The road to 5G

07 Mar 2017

5G future for auto industry

Just over a decade ago, the most sophisticated piece of communications equipment in cars was the radio.

Today, the automotive industry is one of the hottest points of intersection between telecoms vendors, IT companies, operators and old world car makers, with Ford - one of the oldest - saying it is in transformation to a “technology company.”

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In September last year, the cross-industry 5G Automotive Association (5GAA) was formed by players in the telecommunications and automotive sectors.

The idea is that it will be a co-operative forum to develop, test and promote communications solutions, support standardization and accelerate commercial applications.

There are also applications which span transport and logistics. Truck maker Scania is using 5G mobile technology in its driverless systems, such as an upcoming Singapore trial of “autonomous truck platooning,” where one truck leads three autonomous trucks to fully automate the docking and unloading of cargo.

5GAA membership includes some of the big names in both sectors, such as Daimler, BMW, ZTE, China Mobile, and Denso. Major chipmakers Intel and Qualcomm, both members of the 5GAA, have launched 5G chips with automotive applications in mind.

With the development of autonomous vehicles, the car of the future will be a complete ecosystem for the smart Internet of Vehicles.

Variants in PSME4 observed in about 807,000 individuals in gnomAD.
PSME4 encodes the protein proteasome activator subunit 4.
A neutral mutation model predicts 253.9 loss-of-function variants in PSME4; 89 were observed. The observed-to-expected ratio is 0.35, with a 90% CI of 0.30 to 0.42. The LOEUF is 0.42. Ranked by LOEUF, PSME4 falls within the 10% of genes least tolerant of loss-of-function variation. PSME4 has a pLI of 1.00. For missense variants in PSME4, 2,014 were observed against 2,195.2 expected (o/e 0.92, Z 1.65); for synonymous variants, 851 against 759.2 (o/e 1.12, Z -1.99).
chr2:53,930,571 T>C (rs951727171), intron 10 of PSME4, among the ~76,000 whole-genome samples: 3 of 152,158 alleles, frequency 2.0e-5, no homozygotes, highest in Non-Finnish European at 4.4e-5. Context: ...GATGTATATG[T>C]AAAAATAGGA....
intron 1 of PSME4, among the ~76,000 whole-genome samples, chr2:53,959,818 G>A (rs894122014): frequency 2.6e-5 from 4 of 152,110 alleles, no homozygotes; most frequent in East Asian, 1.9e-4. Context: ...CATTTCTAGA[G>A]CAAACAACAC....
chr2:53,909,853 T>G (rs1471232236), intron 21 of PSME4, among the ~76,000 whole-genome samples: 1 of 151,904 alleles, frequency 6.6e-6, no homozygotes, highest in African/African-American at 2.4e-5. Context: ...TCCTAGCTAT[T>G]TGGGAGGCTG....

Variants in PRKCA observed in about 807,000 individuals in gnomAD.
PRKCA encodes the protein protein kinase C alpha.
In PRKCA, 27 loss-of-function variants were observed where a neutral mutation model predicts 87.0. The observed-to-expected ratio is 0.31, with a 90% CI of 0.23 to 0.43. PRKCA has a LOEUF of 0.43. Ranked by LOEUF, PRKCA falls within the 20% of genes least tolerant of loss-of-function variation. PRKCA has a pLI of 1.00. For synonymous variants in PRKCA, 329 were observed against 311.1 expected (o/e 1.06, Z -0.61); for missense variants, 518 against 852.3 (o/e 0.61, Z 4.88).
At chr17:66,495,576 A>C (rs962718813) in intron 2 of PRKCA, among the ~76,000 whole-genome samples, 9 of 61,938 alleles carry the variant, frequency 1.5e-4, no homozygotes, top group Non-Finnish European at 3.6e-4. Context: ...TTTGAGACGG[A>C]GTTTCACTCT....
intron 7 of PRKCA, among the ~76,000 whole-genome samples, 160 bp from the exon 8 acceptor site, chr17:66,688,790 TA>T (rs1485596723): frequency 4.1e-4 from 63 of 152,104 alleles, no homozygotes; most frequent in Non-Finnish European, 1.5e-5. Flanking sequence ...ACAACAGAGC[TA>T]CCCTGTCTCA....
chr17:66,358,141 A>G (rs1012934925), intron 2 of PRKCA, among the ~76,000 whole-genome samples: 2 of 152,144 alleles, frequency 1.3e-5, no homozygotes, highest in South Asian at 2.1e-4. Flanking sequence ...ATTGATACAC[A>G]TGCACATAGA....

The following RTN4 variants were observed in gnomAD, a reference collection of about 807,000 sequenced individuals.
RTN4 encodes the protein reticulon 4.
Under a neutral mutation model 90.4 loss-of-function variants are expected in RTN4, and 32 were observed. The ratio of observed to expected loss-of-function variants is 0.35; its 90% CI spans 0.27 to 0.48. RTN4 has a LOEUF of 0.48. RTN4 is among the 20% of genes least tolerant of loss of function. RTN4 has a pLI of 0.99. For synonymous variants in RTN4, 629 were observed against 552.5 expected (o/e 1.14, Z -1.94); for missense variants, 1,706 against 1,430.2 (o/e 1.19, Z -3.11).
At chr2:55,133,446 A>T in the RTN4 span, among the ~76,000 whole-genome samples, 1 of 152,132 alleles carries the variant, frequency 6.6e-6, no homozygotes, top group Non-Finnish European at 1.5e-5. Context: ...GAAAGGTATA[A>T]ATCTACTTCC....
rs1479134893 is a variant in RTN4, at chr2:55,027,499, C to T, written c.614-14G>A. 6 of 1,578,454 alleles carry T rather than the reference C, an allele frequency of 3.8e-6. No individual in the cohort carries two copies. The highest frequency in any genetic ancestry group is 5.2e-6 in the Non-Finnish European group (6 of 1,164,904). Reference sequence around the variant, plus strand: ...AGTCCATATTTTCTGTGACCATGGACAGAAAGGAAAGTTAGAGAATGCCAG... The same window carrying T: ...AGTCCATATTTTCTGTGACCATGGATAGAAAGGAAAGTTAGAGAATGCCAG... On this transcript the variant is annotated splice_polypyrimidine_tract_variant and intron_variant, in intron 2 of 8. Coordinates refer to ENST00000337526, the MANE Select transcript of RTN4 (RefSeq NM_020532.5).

As BMW has said, 5G networks are essential for making driverless cars function effectively, because they will need to transmit data constantly to the cloud and communicate with other vehicles and landmarks along the route.

Smart Cities will need Smart Vehicles as their mode of transport, and 5G will deliver a world of connectivity for security, control and information needs.

There are risks, however, and security is a key issue.

This is why cyber security vendor Gemalto, which sees itself as a major player in 5G networks, is also a 5GAA member. Gemalto’s slogan “Security to be Free” could have been designed exclusively with the auto industry in mind.

Already, major car makers experimenting with advanced communication have had issues with cyberattacks.

A Chrysler Jeep was hacked in 2015, when attackers used the car’s connected radio to gain access to the vehicle’s main functions.

For this reason, some vendors are going in another direction.

Waymo, which provides driverless technology to Google’s self-driving car project and is working on trials with Fiat Chrysler, says cars using its system will remain offline from the internet for the majority of time to protect them from hacks. In Wymo cars, there is no continuous connection to the cloud and - in the words of Waymo chief John Krafcik - the vehicles “communicate with the outside world only when they need to.”

This is a direct contrast to the approach of the 5GAA, which is embracing connectivity and 5G technologies as the way forward for the industry.

Some technology companies, such as Blackberry, are staking their entire future on the auto industry. The Canadian company, which has received $100 million from the Canadian Government, announced in December 2016 that its 400 workers in Ottawa would refocus specifically on software for autonomous vehicles.


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